Silliman University

Silliman University Alumni Association

Of the National Capital Region - Northern Virginia Alumni Chapter

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Silliman University Alimni Association is a non Profet organization duly registered and incorporated in the District of Colunmbia.  All Sillimanians are eligible to register as members of the Association.  We encourage everybody who would be a member to complete the registeration Silliman University Alimni Association Form.  The annual membership due for an individual is $10.00 and $20.00 for the family of registrants living in the same household.

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Villanuevas join Gulf relief effort
‘Biloxi Boomerang' will make them return to Mississippi someday

By Cindy Karelis, Times-News Staff Writer
Monday, January 23, 2006 10:02 AM EST

(From left) Sonya Morgan, Kathy Villanueva, Dr. Romulo Villanueva, Mary Ellis, Beth Lohnas and Shelly Minnick of Villanueva's office staff look through a scrapbook detailing the Villanueva family's recent trip to aid relief efforts on the Gulf Coast. (Photo credit: John A. Bone/Times-News)
CUMBERLAND - There's little doubt in Kathy Villanueva's mind - now that her family has spent some time in Mississippi, the “Biloxi boomerang” will see to it that they return. That's the name given by a fellow relief worker to the post-Katrina volunteer from Cumberland who vows that they will return again someday.

Kathy's husband, Romulo, a local physician also known as Jun, suggested the idea to his family one day when the unsuspecting clan was gathered together in December just before the holidays.

“Why don't we make a little change this year?” Jun asked his wife and three grown sons in reference to the family's annual holiday skiing trip. His idea of change involved a charitable contribution, but not one in the form of money or supplies alone.

The Villanueva family of Bishop Walsh Road drove 17 hours south instead, arriving at the Bethel Lutheran Church in Biloxi in time to be part of the Lutheran Disaster Reponse team's Christmas effort.

As part of an outpouring of help from all over the United States, the family joined hundreds living in tents in the volunteer village known as Camp Biloxi.
One of the Villanuevas' first duties was to help construct bunk beds for the volunteers, a job taken on happily by sons Ray and Ryan, both college students doing post-graduate and undergraduate work, respectively.

Their affiliation with Scouting and the local mission program NAILS, where they learned to make home repairs for the needy, prepared them for the task, their father said. The young men also helped unload hundreds of donated mattresses from delivery trucks along with performing badly needed roof repairs.

While Kathy volunteered to do cleaning, cooking, sorting in the distribution center and even roofing, her husband and their eldest son, Rex, a biomedical sciences student, treated approximately 30 patients a day for minor injuries and illnesses in two different medical clinics.

“I applied for my temporary license before I left - and I was very surprised when I got it the next night,” Jun said of the online process that moved rapidly.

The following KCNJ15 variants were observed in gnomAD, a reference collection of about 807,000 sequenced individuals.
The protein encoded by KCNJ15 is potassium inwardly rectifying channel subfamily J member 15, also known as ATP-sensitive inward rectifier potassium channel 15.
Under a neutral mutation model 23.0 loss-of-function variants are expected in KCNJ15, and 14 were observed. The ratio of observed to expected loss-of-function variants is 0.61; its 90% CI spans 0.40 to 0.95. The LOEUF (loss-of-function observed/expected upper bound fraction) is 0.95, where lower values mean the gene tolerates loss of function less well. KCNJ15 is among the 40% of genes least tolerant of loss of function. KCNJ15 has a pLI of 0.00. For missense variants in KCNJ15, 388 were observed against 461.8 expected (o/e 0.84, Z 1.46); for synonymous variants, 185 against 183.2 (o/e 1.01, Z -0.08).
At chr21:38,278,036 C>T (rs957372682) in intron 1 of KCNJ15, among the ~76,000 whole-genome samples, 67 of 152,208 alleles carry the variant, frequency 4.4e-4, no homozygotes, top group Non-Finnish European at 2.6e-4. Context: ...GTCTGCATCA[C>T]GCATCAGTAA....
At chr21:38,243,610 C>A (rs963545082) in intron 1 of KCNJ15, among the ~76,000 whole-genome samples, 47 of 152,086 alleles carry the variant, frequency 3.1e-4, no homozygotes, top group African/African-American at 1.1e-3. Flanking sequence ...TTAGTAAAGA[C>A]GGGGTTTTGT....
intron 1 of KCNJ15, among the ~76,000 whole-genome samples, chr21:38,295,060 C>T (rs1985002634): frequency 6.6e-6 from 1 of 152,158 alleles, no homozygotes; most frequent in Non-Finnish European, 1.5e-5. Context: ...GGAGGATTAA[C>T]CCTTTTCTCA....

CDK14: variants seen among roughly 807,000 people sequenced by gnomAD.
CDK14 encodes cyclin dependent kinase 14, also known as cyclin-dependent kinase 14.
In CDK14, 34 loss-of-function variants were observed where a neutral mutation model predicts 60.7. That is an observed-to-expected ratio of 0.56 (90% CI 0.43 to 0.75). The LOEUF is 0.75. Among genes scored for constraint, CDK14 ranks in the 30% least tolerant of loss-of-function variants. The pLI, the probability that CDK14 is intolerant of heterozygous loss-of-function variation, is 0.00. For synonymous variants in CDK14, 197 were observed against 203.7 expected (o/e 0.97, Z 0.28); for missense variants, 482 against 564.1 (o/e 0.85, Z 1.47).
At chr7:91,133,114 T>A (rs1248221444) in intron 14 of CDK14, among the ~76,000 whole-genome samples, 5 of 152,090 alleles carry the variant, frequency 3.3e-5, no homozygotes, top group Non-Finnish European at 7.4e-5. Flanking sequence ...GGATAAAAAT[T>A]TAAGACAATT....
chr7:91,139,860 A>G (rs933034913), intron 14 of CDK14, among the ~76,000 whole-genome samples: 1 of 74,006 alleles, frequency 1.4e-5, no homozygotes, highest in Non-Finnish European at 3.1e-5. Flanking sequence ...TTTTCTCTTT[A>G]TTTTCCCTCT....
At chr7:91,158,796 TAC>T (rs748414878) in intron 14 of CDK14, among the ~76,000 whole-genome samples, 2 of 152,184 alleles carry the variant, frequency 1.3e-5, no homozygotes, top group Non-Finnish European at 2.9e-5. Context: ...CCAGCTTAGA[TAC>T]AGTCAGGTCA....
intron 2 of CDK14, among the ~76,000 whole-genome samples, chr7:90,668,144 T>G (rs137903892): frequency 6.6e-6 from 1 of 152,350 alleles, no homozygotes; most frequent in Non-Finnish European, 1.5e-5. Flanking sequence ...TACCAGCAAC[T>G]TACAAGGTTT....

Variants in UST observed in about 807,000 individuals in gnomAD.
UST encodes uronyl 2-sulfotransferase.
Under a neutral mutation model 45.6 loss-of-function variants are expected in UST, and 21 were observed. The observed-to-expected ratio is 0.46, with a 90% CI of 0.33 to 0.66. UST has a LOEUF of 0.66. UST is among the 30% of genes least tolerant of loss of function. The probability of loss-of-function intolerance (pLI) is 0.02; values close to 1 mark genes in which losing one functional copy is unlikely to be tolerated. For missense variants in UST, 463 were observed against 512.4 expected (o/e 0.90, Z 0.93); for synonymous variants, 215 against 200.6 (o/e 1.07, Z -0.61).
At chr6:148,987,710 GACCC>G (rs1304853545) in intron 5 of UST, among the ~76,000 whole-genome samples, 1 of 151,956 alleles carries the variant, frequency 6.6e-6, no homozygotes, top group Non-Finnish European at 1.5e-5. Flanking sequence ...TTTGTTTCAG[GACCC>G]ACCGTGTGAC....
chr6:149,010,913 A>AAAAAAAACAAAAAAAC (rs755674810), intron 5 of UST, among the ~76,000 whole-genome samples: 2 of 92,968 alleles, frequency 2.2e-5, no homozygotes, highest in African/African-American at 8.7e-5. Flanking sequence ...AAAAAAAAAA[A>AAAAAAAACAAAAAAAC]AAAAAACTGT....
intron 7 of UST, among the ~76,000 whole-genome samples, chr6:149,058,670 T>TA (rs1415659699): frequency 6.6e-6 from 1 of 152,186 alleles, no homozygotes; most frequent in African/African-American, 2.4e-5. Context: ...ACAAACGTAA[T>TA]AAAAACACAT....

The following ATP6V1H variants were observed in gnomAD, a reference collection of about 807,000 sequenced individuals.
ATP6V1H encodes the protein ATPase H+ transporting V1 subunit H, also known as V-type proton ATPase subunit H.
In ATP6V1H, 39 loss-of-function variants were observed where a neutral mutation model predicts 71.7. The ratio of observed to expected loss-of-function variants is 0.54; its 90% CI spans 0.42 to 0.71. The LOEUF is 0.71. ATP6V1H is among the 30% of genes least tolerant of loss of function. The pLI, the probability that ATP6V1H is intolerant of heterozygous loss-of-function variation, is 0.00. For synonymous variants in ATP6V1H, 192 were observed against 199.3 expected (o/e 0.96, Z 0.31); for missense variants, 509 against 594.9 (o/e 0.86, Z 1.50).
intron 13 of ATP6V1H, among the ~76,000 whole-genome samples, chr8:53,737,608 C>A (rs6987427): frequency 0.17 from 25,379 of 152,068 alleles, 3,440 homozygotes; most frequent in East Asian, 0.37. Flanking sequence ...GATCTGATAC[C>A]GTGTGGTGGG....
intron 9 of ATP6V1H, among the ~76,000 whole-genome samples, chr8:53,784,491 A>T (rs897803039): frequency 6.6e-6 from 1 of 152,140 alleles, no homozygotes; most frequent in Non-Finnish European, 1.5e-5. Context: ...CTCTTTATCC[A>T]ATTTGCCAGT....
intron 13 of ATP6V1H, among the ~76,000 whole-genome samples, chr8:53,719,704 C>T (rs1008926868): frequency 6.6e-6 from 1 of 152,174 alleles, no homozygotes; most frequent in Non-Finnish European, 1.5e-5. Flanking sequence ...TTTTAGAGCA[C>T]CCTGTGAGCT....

Assistant site manager for Lutheran Disaster Response Dorothy Fox described the “good Samaritan” licensing done in Jackson that enables medical personnel to respond quickly to the relief effort.
The team that the Villanueva family joined celebrates the successful installation of a roof. (Photo courtesy of Villanueva family)
“We have to have these people,” Fox said of the physicians, nurses, technicians and other professionals needed to administer medical services to residents still coping with limited facilities.

“The Villanuevas were just a blessing because we are trying to get out clinics on task,” Fox added.

Sheltering as many as 150 to 200 volunteers on a weekly basis, the disaster response unit sent work crews out every day based on the number of requests received from the community.

“Our requests come from folks who didn't leave at all, those who came back right away and those who are just now returning,” Fox said of the ongoing attempts to provide post-hurricane recovery.

Fox, a Biloxi resident, left the stricken area for five weeks after she evacuated with others in late August. Her husband's congenital heart failure was an issue with what she called “poor water and air quality,” a situation aggravated by “so much stuck in the air from demolition and construction.”

Rounds made Christmas Eve to distribute donated gifts to local residents who had lost everything made the deepest impression on Kathy. Jun was touched by the holiday decorations from tinsel to Santa figurines that still donned the yards of destroyed homes.

“Just to see the smile on their faces upon seeing us bringing gifts made us feel that our presence made a difference,” Kathy said. “It just goes to show that no matter how little help we could give can make a difference in someone's life.”

Lifelong friends were made with the Forbes family from Illinois and the Henry family from Wisconsin, others who, like the Villanuevas, “answered a call” that couldn't be ignored.

“My parents are missionaries at a small clinic in the Philippines,” Jun said of the upbringing that set an example of volunteerism, leading the doctor to offer non gratis his clinical and surgical skills every few years in his native Philippines.

Others interested in volunteering in the recovery effort that Fox said will continue for “several years” can contact her at (228) 267-0008. Volunteers must bring a pillow, towels, sleeping bag and money to contribute toward their own daily food consumption.

“It's going to take a while for us to get healed,” she said.

Cindy Karelis can be reached at